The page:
For years, Carol Roux and her daughter Michelle have been participating in her parish’s annual Giving Tree. Taking tags from the tree in the narthex of Our Lady of Mount Carmel church every Advent, purchasing and wrapping gifts for children who otherwise would not have much to look forward to on Christmas. It’s a mother-daughter activity they’ve done together for so long that they’ve forgotten when it started. This year however–in addition to all the gift purchasing, wrapping and delivering–they did something quite different from their usual routine: they prayed together.
This Christmas, OLMC parish in Tenafly, NJ–spurred on by their pastor Fr. Dan O’Neill, OCarm.–decided to take on the Carmelite’s Prophetic Contemplation challenge in which individuals and communities are encouraged to root their service in Carmelite wisdom and prayer. Many people understand the term ‘contemplative’ to mean someone withdrawn or removed from the world. Carmelites embrace silence and solitude but we understand contemplation in a broader sense. We speak of contemplation as a gift of God that can be nurtured by a life of prayer, community and service. These three elements are at the heart of the Carmelite charism.
St. Therese, beloved friend, please accept these petitions, hopes, needs, and dreams on behalf of [child name(s)].
Please present them to our Loving Father so that God may do what is best for them.
We ask you, dear friend, with the bold confidence and loving surrender you taught us.
We make this prayerful petition in the name of Jesus and through the power of His Spirit.
“Doing service without thinking about or feeling anything during it causes you to lose something” says Michelle Roux. “Service is about working with other people to make everyone’s life a little brighter and better. The entire process of finding the gift has me thinking of the child. I want them to be able to open up that gift on Christmas and know that it was chosen with them in mind. I said a prayer for the children I was helping and continue to think about them.”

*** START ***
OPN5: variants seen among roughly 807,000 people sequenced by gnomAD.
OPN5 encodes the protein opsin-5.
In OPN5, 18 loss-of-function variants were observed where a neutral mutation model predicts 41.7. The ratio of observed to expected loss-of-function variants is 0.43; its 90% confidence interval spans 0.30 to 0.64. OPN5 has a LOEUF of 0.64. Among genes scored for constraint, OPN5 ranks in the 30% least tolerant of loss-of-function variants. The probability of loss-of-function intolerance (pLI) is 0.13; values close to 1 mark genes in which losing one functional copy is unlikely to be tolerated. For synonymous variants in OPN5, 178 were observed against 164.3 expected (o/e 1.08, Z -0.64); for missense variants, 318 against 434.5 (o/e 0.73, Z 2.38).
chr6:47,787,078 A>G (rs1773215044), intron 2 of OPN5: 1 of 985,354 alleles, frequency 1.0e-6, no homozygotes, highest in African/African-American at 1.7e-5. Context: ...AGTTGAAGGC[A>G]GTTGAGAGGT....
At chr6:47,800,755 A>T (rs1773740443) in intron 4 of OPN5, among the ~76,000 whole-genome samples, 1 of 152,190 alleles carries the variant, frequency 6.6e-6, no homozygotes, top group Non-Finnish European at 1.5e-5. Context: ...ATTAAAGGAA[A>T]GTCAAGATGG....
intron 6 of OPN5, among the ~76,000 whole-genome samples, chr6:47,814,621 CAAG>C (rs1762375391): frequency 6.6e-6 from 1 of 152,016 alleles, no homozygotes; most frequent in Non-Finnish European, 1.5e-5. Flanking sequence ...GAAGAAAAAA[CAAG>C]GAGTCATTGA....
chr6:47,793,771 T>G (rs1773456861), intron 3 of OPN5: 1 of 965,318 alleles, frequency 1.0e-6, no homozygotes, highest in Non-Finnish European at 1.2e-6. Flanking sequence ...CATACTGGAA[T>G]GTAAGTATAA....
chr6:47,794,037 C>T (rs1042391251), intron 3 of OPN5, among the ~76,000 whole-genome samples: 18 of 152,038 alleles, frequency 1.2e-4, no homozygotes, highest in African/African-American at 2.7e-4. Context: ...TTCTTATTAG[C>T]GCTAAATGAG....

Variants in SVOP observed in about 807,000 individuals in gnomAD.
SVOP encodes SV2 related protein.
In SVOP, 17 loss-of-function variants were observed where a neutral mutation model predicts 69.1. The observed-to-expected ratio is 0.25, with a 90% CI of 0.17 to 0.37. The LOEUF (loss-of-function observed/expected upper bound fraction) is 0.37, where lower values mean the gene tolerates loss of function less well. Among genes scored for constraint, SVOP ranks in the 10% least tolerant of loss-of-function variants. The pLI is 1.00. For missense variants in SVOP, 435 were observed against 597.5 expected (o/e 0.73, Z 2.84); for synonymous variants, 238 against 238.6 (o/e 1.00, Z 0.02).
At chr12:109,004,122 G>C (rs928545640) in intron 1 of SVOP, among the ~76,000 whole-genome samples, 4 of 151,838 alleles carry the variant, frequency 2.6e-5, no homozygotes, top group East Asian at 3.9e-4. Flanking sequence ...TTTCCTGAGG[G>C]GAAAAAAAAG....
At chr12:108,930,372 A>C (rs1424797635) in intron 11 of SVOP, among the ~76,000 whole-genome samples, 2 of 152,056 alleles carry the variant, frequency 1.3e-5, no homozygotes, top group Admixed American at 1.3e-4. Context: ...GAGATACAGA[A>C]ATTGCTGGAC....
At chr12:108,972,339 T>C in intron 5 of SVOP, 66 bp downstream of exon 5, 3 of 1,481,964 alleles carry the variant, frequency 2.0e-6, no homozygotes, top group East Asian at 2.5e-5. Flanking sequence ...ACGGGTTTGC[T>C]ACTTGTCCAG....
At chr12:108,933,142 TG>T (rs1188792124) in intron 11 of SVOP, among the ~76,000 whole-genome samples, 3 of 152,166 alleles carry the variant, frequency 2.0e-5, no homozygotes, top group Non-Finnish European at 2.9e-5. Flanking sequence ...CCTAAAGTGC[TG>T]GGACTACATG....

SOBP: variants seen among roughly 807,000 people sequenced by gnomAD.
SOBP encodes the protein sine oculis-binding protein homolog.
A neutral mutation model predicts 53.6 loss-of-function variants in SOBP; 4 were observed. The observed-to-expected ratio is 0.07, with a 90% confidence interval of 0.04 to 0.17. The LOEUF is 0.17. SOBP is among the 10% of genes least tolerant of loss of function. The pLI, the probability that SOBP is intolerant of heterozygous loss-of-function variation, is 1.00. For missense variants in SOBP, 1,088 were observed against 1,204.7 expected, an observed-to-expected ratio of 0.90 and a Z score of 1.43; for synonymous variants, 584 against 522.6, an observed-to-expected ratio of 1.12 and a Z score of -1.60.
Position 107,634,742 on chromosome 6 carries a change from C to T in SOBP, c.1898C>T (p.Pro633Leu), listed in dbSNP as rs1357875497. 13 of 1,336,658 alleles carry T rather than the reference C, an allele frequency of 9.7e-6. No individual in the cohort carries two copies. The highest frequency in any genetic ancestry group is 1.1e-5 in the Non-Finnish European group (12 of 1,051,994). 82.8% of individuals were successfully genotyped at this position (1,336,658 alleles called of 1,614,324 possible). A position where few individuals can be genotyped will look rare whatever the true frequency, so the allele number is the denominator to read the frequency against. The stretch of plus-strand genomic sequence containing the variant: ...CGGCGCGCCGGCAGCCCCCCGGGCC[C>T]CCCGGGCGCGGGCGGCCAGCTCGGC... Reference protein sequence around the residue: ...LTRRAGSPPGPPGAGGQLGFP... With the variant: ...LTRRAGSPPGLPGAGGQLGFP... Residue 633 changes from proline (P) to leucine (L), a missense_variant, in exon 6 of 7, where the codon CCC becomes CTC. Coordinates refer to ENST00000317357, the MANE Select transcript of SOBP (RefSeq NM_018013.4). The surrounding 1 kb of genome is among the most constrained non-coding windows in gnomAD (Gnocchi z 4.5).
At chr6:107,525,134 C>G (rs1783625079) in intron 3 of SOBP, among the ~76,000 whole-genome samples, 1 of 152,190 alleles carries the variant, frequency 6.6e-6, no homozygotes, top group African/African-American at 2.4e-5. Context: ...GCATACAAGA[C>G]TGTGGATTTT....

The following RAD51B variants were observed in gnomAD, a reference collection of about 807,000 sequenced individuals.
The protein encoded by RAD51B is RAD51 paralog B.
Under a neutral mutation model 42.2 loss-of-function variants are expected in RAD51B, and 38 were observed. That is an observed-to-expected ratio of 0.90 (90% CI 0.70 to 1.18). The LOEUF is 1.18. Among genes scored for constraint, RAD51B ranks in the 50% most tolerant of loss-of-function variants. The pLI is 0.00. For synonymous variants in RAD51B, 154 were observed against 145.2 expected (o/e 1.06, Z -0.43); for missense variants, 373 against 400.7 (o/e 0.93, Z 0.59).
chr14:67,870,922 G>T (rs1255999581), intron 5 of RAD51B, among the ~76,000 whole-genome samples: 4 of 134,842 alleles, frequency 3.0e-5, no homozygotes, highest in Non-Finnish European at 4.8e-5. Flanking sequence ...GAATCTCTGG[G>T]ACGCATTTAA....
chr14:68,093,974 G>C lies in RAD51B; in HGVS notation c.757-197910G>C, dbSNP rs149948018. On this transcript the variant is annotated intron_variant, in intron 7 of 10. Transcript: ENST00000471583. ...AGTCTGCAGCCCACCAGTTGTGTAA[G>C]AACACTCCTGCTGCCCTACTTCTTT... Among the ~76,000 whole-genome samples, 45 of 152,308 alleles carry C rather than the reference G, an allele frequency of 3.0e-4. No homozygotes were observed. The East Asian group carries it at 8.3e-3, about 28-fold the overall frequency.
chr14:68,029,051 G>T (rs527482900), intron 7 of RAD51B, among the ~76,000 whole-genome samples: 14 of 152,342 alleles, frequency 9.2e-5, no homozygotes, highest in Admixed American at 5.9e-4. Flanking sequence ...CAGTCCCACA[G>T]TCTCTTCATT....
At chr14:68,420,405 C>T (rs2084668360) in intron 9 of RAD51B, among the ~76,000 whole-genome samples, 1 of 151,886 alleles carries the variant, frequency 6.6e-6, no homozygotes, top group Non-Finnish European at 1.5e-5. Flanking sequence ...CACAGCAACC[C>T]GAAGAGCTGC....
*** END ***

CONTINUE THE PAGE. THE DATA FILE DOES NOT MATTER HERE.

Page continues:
Her mother, Carol, has a uniquely imaginative and personal approach to her service. “When I purchase the gifts for the giving tree I try to visualize the child I am buying for and if the gift I am buying will put a smile on their face” she says. “I always feel that a spiritual element should be included in every physical service, prayer is an important part of my life and the act of doing to others.”
OLMC’s Mission Development Director, Elliot Guerra–who runs the Giving Tree along with Youth Minister, Justin Fernandez–saw it as an opportunity to re-invigorate a longtime program. “Like many parishes, the Giving Tree has been a tradition for decades, but Fr. Dan has really encouraged our staff, parishioners and our school families to to think differently over the past 18 months in terms of integrating our faith and our Carmelite spirituality into our daily lives” he says. “When I read about the idea of Prophetic Contemplation on Carmelites.net I said, ‘we’re doing all this action but how can we go deeper with this much needed activity.’ St. Therese and the story of her Christmas Conversion served as the perfect entry point for marrying social justice and action to personal prayer. Especially because it had to do with children!”
Families were also invited to share their prayer petitions and the prophetic work for children done in Therese’s name online using #ChristmasConversion or #PropheticContemplation.
This year’s program experienced unprecedented success as OLMC collected a record number of gifts–well over 800–and had many new parishioners deeply engaged and praying at every step of the process whether it was purchasing, organizing, wrapping or delivering gifts to organizations who help families in need in the Bronx or Northern NJ. “It was great to see so many new faces help out this year” says Guerra. “It was great to see moms and dads serving alongside their young children or parishioners with their grown children working until late in the day delivering to locations in the Bronx. All the while doing it in a prayerful context. We are definitely sold on the Carmelite idea of Prophetic Contemplation and will be figuring out ways to continue using it as a model this Lent and beyond.”
See a gallery of photos below from OLMC’s Christmas Conversion Challenge.